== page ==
Hello from a newbie - VM/PPPD

Hmm… it does sound odd! Perhaps there’s something faulty at your house, and you’ve got carbon monoxide poisoning.

Or… changes of light and environment can trigger this sort of thing, so perhaps it’s that. Mine does the opposite: calms down when I’m at home, flares up when I step outdoors. I feel that is a more common experience. PPPD/migraine symptoms flare up in a busy, bright, noisy environments, so I don’t fully understand why yours get worse when you’re chilling out at home. Unless… what’s your wallpaper like?!!


See this is where it gets peculiar. I used to be more dizzy outside than inside. Over the course of this year, its shifted to be the opposite. Actually since Covid started, my dizziness has been way worse. Probably due to sitting too much, and too much screen time. I can’t think of anything else. Maybe also my bad life-long posture - I need to look into cervogenic dizziness too. The back and neck can add to the dizziness.

Yup, bad posture here too! I’m sure it doesn’t help!

That’s a good point… when you say your dizziness gets worse inside, what are you doing inside? Do you step indoors and immediately look at your computer? Because that would explain it. If you’re just stepping through the front door and you feel dizzy for no reason, that’s more mysterious.

1 Like

Btw For PPPD you have to have had constant non vertiginous dizziness for minimum of three months.

Is this constant? Happens every single time? What would happen if you went out then back in and walkdd around the house and back outside and continued walking for a bit without stopping. Start noting the degrees of difference in the light as a guide. Search this site for ‘inflated Head’. Could be light sensitivity though it’s far more common to be worse outside or in an unfamiliar indoor environment. I have been told everybody with vestibular issues should always be better in their own home, it’s their most familiar environment. . As you call it spatial obviously could be aggravation of the vestibular system because of the changes in spaceyness between the two extremes. I find this inflated head filling will cut in when the balance system is challenged really hard.

How long does it take to wear off this when you come back indoors dizziness?

1 Like

It happens. I have a friend who had one constantly for about five months only last year until Propranolol stopped it. There was a young girl on British TV a month ago who’d had one for about a year. They don’t get called ‘migraine continuum’ or ‘status migraineous’ for nothing.

An explanation for the 24/7 dizziness symptoms I find extremely plausible is that an already hyper sensitive system goes on constantly being aggravated/reactivated by lots of stimulation which would be ignored by a properly functioning vestibular system. MAV symptoms are caused by Central Sensitisation. There are links to papers on that on here.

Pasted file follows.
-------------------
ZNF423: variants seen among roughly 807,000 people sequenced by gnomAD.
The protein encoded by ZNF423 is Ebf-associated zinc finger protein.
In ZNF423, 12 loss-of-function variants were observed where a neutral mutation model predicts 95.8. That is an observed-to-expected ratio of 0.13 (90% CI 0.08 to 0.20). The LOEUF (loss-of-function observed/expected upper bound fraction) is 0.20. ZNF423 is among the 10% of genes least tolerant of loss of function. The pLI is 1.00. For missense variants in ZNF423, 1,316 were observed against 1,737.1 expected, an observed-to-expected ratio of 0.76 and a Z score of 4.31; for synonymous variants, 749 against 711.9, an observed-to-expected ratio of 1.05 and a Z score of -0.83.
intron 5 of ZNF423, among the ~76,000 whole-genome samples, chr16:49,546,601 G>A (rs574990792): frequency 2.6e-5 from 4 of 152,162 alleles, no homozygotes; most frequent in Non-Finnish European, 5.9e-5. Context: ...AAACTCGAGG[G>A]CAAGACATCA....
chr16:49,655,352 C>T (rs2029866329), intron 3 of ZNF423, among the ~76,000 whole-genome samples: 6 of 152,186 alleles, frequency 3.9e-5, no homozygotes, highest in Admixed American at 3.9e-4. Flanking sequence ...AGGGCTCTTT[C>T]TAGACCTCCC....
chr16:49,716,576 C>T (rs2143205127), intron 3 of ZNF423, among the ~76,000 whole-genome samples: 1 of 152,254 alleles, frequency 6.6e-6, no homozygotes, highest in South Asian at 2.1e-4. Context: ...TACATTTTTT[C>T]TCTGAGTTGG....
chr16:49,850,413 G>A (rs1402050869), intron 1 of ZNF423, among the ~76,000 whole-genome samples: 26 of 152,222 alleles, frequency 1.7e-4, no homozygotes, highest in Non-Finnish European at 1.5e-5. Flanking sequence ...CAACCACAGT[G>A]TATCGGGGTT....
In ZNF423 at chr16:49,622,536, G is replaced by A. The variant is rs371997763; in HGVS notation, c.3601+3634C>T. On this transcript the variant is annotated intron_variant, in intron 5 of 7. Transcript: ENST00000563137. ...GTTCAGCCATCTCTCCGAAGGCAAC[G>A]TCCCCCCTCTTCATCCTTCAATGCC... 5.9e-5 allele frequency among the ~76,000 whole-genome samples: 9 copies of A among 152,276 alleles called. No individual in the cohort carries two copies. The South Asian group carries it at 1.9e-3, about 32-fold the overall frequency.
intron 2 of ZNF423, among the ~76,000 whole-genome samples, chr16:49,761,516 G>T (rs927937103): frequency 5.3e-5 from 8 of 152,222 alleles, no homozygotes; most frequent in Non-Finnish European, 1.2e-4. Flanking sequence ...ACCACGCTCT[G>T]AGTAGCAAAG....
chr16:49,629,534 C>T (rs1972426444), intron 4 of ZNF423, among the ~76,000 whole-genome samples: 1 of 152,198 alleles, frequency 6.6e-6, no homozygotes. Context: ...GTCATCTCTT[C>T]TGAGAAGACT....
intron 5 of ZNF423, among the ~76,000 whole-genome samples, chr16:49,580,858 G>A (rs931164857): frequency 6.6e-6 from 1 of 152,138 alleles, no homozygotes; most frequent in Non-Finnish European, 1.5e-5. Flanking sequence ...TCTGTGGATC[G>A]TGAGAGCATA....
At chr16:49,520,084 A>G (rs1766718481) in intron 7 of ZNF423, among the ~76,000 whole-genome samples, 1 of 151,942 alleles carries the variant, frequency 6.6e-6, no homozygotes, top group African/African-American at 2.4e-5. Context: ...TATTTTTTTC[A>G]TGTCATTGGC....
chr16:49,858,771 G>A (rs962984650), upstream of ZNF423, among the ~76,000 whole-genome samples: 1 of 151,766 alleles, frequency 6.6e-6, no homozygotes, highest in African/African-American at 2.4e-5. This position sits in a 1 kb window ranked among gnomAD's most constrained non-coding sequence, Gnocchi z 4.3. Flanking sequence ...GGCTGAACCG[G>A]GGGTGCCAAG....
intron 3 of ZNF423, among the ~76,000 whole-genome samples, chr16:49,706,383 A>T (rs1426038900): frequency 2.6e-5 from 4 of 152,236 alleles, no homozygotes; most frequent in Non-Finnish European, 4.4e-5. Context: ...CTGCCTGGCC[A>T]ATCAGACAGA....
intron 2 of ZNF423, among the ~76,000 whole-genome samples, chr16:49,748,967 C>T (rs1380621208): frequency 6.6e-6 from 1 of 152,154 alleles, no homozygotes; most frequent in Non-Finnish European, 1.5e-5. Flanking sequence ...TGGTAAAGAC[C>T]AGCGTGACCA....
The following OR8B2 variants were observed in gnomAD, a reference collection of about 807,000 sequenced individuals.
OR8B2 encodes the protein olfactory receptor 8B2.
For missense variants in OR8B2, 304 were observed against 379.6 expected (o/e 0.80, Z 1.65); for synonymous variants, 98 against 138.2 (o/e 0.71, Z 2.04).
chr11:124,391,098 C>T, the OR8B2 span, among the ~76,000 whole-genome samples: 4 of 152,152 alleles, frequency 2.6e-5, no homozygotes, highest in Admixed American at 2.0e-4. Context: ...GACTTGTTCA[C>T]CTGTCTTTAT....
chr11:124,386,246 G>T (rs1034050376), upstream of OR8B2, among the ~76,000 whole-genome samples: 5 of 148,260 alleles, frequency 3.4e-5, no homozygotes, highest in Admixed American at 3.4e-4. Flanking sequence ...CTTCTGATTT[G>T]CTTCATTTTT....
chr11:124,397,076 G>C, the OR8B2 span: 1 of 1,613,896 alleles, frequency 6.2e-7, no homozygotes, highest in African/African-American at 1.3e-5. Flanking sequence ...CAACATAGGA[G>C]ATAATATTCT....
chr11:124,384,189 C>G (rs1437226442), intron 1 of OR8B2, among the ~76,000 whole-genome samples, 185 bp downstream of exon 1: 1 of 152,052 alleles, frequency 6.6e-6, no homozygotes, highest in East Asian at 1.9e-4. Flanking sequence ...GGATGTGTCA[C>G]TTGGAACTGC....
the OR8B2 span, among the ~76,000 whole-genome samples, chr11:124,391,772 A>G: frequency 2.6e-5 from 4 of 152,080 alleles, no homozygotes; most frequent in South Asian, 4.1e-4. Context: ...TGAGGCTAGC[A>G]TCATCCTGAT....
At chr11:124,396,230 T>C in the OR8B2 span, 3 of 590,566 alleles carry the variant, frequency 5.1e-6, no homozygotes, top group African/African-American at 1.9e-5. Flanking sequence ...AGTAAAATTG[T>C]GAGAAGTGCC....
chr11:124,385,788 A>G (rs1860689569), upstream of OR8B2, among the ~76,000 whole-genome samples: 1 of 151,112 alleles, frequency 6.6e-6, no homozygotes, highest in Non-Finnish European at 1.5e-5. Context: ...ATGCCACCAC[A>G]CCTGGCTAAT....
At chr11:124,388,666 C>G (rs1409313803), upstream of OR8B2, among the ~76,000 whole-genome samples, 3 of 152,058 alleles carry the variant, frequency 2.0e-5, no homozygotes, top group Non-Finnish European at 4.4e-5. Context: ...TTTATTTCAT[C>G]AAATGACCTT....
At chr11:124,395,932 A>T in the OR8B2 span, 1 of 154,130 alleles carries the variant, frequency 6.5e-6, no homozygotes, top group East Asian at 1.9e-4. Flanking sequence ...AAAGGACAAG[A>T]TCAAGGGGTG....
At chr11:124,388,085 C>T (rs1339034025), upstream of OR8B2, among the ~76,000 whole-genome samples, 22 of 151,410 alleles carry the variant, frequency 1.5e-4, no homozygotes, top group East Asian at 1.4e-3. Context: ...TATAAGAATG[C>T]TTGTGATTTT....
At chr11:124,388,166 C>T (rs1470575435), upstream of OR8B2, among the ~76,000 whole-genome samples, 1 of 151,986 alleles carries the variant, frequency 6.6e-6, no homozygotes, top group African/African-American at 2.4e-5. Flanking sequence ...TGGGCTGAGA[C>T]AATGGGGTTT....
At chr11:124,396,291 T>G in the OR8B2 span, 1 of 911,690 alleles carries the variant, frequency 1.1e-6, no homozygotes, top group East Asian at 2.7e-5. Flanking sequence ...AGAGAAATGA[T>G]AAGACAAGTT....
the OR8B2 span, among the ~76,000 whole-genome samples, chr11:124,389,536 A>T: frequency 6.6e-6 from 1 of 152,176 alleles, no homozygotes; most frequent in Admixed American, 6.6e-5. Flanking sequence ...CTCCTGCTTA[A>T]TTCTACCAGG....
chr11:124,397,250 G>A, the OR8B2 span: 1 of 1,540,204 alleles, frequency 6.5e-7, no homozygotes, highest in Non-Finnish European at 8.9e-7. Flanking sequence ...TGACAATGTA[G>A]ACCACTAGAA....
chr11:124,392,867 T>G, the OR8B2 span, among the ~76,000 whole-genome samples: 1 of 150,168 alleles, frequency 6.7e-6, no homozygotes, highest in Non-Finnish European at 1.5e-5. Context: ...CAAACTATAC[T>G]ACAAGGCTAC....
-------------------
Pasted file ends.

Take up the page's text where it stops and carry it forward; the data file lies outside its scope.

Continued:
Well you are immediately two up on me though I did have my hearing tested, with a tuning fork! Did you get that pleasure too? Seems to me the US does most vestibular testing. Things we never hear of but do patients get better quicker? Not that I have noticed. OK I guess they may pick up the case of SCDS but they are very rare anyway. The US posters get more thorough testing and seem to have a much wider support network in terms of therapists I have never heard of but they still end up trial n error testing the same oral preventatives we in the UK do. It’s the only way. Most of that is discovered can’t currently be treated otherwise anyway. You are young and still very idealistic. That’s natural but if you are looking for a quick and possibly surgical fix I feel you are heading for disappointment unfortunately. Don’t get me wrong. It’s good to explore all possibilities. Doing that one day somebody might just find a more definite answer. As for Istanbul that’s a surprise. Pity Covid scuppered your chance.

One more from me, re. PPPD or migraine.

I found this quotation from Dr. Silver, on an old thread on this forum, which is his description of one form of migraine:

“Dizziness or a sense of imbalance is extremely common: this most commonly manifests as “migraine-related dizziness” with a feeling of being light headed and spaced out and may be more likely in bright, hot, crowded or noisy places. Some people may feel panicky when this first starts but panic often disappears relatively early in the condition in most subjects. During this dizziness there may be a sense of unreality of self or surroundings and there may be accompanying blurred, spottyor dark vision and/or buzzy or reduced hearing. Some people experience true vertigo with a sensation of surroundings moving and this usually occurs during headache. There may be “visual vertigo” whereby surrounding visual stimuli create a sense of imbalance or dizziness. Visual vertigo may be provoked by various stimuli including stripes, patterns or carpets, escalators or stairs, supermarket aisles, rotating ceiling fans, flickering televisions, road markings etc. Finally people may just go off balance when walking so that they veer to one side."